The Hero’s Perspective: What Back to the Future II Can Teach You

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In the films and stories that we love, we often end up sympathizing with the main character, no matter how little we might be able to relate to the character’s actual predicament or how villainous they may have become.

What’s a little more rare is to see things from another character’s perspective in film where they themselves are not the main character. Suddenly people’s attitudes are flipped around and they find themselves talking about what a great villain that character was. Does this make you wrong or strange? Nope. Because it’s all about perspective.

How so? Because changing perspectives is understanding different points of view, while understanding that can put you at the advantage in life of having a wider scope than simply your own way of thinking.

"But I'm old and don't want to accept any more thinking!"

“But I’m old and don’t want to accept any more thinking!”

Often times the only way to make someone see your reasoning is to put them in your shoes. It’s easy to call somebody out for doing something that you’ve never even wanted to do. We judge celebrities, neighbors, co-workers, and whoever else we want at our convenience for taking part in things that we either don’t care about to begin with or for things we’re guilty of too. If not the exact same things, then something similar.

Ever seen Back to the Future II? Of course you have. You’re an AMERICAN. Even if you’re FRENCH.

The events of the first movie are funny and exciting with Marty McFly trying to get his parents back together and get back to his own time. You know how it goes. But the second involves Marty having to travel back to the same night that the original movie’s climax takes place. So not only do Doc Brown and Marty have a mission to complete, they can’t be spotted by their other versions from the first movie. Plot holes aside, it’s still an awesome movie.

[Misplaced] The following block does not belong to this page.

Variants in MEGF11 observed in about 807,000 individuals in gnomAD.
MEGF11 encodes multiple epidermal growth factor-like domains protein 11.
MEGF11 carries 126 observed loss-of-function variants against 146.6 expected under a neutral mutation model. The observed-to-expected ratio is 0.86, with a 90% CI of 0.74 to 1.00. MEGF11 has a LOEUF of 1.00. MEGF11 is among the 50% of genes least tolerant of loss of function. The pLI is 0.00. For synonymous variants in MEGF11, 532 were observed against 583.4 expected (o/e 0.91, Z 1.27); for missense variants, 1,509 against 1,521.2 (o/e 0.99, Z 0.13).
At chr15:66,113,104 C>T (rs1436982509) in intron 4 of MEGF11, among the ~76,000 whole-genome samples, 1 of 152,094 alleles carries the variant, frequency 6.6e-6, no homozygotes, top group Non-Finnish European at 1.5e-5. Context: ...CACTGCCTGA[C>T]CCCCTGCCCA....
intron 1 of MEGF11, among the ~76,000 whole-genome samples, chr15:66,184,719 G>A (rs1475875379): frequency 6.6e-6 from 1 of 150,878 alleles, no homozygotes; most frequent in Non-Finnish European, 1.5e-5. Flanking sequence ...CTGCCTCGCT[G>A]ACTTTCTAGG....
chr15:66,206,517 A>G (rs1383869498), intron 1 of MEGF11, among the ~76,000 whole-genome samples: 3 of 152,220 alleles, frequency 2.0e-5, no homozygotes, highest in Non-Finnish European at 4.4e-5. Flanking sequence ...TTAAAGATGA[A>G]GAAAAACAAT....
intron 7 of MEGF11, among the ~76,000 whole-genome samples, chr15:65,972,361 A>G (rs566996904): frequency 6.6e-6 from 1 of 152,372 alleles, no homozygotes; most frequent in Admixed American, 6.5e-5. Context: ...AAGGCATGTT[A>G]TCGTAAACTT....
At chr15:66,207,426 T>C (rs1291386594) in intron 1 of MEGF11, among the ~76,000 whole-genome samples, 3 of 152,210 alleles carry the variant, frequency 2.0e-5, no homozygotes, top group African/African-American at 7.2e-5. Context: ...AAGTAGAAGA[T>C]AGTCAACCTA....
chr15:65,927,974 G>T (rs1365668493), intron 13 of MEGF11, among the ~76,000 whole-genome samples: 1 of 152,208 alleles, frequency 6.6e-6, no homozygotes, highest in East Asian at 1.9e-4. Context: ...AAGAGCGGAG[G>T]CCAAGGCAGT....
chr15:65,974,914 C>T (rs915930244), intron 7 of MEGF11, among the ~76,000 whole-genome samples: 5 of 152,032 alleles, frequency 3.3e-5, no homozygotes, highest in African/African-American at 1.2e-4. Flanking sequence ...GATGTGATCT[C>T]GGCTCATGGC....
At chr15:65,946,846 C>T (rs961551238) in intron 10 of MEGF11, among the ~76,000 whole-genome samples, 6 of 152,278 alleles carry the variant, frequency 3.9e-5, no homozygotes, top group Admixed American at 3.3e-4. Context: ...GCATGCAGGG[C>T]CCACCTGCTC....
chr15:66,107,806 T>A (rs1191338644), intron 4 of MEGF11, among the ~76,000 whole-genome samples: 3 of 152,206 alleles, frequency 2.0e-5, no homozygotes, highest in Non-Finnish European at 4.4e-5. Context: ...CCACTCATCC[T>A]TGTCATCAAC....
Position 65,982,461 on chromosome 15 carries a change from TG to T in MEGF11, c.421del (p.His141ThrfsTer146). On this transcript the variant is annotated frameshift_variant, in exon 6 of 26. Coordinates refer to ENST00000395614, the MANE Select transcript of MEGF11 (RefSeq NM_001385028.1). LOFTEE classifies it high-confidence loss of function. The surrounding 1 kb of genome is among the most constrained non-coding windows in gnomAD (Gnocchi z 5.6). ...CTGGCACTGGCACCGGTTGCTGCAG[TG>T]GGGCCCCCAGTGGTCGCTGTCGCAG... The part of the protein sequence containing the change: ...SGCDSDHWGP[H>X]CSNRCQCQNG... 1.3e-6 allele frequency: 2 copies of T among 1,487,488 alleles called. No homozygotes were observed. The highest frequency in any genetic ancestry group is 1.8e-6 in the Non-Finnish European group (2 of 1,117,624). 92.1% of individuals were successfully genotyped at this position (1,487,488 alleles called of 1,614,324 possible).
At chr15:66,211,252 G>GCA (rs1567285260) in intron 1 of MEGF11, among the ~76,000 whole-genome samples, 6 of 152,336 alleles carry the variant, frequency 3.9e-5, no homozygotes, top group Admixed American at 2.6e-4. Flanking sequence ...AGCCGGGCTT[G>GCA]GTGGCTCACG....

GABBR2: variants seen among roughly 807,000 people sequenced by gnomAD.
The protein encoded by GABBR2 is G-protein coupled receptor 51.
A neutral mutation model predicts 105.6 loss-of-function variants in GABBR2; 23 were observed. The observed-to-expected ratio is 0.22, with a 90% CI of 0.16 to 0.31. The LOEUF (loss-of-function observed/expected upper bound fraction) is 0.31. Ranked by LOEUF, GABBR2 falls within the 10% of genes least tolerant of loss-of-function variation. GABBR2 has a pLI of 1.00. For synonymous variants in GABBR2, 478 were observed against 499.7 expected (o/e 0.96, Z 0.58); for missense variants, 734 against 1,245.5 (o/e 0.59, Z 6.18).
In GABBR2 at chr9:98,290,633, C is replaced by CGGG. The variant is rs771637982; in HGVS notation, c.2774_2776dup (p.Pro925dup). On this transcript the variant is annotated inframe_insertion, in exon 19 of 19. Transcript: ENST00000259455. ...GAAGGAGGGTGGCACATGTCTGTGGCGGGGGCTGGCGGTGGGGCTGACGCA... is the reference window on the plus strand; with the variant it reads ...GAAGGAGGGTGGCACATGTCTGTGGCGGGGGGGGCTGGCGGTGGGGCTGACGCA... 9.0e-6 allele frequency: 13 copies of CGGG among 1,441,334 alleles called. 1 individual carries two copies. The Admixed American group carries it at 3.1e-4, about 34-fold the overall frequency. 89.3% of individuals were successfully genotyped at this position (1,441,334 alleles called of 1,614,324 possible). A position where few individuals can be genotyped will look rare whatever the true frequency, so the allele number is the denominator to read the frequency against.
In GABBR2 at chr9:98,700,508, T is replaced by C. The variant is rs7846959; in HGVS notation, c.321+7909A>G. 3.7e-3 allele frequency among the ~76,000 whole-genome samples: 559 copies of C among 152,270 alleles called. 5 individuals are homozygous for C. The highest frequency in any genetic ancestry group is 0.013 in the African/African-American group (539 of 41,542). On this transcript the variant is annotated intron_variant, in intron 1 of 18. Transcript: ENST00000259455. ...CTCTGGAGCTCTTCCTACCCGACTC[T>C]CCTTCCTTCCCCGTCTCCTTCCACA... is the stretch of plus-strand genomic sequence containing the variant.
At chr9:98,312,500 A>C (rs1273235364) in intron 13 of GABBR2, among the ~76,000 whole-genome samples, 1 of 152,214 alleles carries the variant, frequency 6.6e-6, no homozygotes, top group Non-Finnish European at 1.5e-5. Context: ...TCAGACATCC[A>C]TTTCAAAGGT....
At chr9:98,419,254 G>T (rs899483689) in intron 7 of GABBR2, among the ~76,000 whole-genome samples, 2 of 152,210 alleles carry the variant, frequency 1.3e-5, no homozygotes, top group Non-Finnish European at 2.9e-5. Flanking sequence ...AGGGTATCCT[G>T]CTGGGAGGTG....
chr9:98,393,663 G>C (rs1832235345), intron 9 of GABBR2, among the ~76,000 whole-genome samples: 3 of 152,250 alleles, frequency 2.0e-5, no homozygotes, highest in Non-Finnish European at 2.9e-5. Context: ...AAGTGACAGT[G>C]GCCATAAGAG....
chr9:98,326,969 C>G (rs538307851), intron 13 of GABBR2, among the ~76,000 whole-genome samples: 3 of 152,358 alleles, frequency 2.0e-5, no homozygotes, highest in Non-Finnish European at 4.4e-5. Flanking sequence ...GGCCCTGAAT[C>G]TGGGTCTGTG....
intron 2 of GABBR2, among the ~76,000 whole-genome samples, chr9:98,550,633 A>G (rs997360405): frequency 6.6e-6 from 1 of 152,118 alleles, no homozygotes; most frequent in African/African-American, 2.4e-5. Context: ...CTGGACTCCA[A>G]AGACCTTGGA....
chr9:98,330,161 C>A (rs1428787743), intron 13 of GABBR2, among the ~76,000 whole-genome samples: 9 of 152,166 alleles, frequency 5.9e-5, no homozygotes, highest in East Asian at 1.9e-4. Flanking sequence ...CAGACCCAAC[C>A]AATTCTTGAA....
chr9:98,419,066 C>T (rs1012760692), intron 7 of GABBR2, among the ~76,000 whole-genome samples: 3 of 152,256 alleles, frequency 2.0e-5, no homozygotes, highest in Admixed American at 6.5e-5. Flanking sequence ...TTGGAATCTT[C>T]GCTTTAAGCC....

Not "Holes." My bad. "Paradoxes."

Not “Holes.” My bad. “Paradoxes.”

As a kid though, I thought it was weird that I didn’t care about guitar-playing Marty on stage like I did in the original because I was so focused on Marty crawling above the stage to take care of Biff’s goons. When you then go back and watch the first one again, Johnny B. Good Marty matters, but only in that movie.

Here’s a clip of Marty sneaking past himself from part 1 just to refresh your memory.

All in all, it’s funny- as much as the events of the first film matter when you’re watching it, once we’re dealing with the events of the sequel, it’s almost as though the Marty from the first film doesn’t matter. We already know his story and we’re dealing with “future” Marty and what he’s trying to accomplish.

We can draw parallels between Part I Marty and Part II Marty to “Them and Us.” The “Them” being everyone else and the “Us” being ourselves, and in some cases, those that matter to us.

Not only is it all too easy to write people off when we’re not the ones going through a particular situation, it’s always easy to tell somebody what to do or what not to do when you’re not in that situation, isn’t it?

“Look man, you’ve gotta get over her. It’s been a while. Stop thinking about it.”

We can say this until we’re going through the break up. Then, all of a sudden, nobody gets what you’re going through. Relative importance, I believe it’s called.

"Who cares about her? THIS will be my girlfriend now."

“Who cares about her? THIS will be my girlfriend now.”